• Brian Bender, PhD

Does Calorie Counting Work? Your Complete Guide

Counting calories typically takes a lot of time and effort. You have to search and find your foods in an app, estimate the quantity you’ve eaten, or worse, spend time filling old fashioned, pen and paper notebooks tracking your calories and macronutrients.


Plus, you need to spend brain space on thinking about what you’re eating all day, remembering it, or interrupting your days consistently to track each morsel.

Is it worth it?


Calorie counting is a controversial topic in the world of diet and nutrition.

For some, in invokes praise. Many studies in the academic literature show that calorie counting works for weight loss. In fact, quite consistently.


For others, calorie counting is the manifestation of all that is bad with diet culture. It separates your food into a numbers game and for some, may trigger a new host of mental ailments to tackle.


So who’s right?


As is often the case with nutrition, both can be right. And both can be wrong.


The guide will discuss the good, the bad, and the ugly about calorie counting.


We’ll go into the pros, and why some say calorie counting can be a useful tool for meeting your weight goals and what are the best ways to go about it.


And we’ll also dive into the not so good. What’s wrong with calorie counting, why can calorie counting fail, and the controversy surrounding the practice.


Note: this guide is not intended to be medical advice. Please consult your doctor before changing healthcare practices.


Nearly 3 Decades of Research Show Calorie Counting Works for Weight Loss


Really?


Peer-reviewed, scientific literature shows that calorie counting helps individuals consistently lose weight. And a plethora of research articles published in the last 5 years using new technologies to assist this effort show similar, positive results.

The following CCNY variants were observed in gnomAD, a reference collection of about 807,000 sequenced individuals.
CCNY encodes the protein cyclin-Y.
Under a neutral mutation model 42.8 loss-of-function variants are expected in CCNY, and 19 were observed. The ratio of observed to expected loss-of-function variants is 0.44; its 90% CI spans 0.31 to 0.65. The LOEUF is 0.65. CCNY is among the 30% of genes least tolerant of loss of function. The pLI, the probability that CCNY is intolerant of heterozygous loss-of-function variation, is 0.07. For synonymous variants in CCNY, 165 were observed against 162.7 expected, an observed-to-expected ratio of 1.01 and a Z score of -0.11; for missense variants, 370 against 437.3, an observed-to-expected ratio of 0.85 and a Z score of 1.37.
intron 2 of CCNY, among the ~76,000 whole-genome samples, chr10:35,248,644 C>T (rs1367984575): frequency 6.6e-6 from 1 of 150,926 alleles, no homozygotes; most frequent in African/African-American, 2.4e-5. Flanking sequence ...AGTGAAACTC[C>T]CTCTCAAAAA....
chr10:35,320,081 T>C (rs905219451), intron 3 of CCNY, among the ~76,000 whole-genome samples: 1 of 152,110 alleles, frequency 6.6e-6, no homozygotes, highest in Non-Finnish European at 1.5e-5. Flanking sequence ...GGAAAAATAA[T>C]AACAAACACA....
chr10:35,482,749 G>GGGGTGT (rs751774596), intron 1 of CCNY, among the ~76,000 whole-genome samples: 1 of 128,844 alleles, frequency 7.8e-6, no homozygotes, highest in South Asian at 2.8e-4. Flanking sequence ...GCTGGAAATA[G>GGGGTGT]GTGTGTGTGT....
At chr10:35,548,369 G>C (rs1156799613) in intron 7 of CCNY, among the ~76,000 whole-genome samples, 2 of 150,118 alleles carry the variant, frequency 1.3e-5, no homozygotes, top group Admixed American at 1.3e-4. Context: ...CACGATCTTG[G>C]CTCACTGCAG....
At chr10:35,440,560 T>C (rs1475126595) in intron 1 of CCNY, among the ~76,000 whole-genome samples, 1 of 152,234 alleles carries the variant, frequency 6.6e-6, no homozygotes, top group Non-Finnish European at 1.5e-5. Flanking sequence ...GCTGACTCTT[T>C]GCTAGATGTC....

Now, before you get too excited (or angry), let’s take a look at some of the caveats.

First, the studies in these review are not randomized controlled trials.


Why does that matter?


RCTs are the gold standard of medical research. Without having a long, historical list of RCTs to back up these claims, we are left with imperfect conclusions.


So, studies certainly look like calorie counting works, and the results are consistent, but we can’t be 100% sure.


Why might calorie counting work for weight loss?


A few possibilities.


First, calorie counting helps you get an idea of how much food you are actually eating through the day.


Studies have investigated our ability to estimate in our heads how many calories we eat.

You may or may not be surprised to hear - we aren’t that good at it.


In fact, we can sometimes be off by 90%!


Most of us generally don’t investigate calorie content. If we’re preparing food at home, eating a dish prepared by friend or family, or even eating at a restaurant, we typically don’t know the caloric content of our meals.


And unless we diligently check the contents of our packaged foods (and don’t forget to account for the serving size), we often fail to realize the calorie density of the foods (and drinks!) we consume regularly.


Second, calorie counting can help you understand the breakdown of the food you are eating.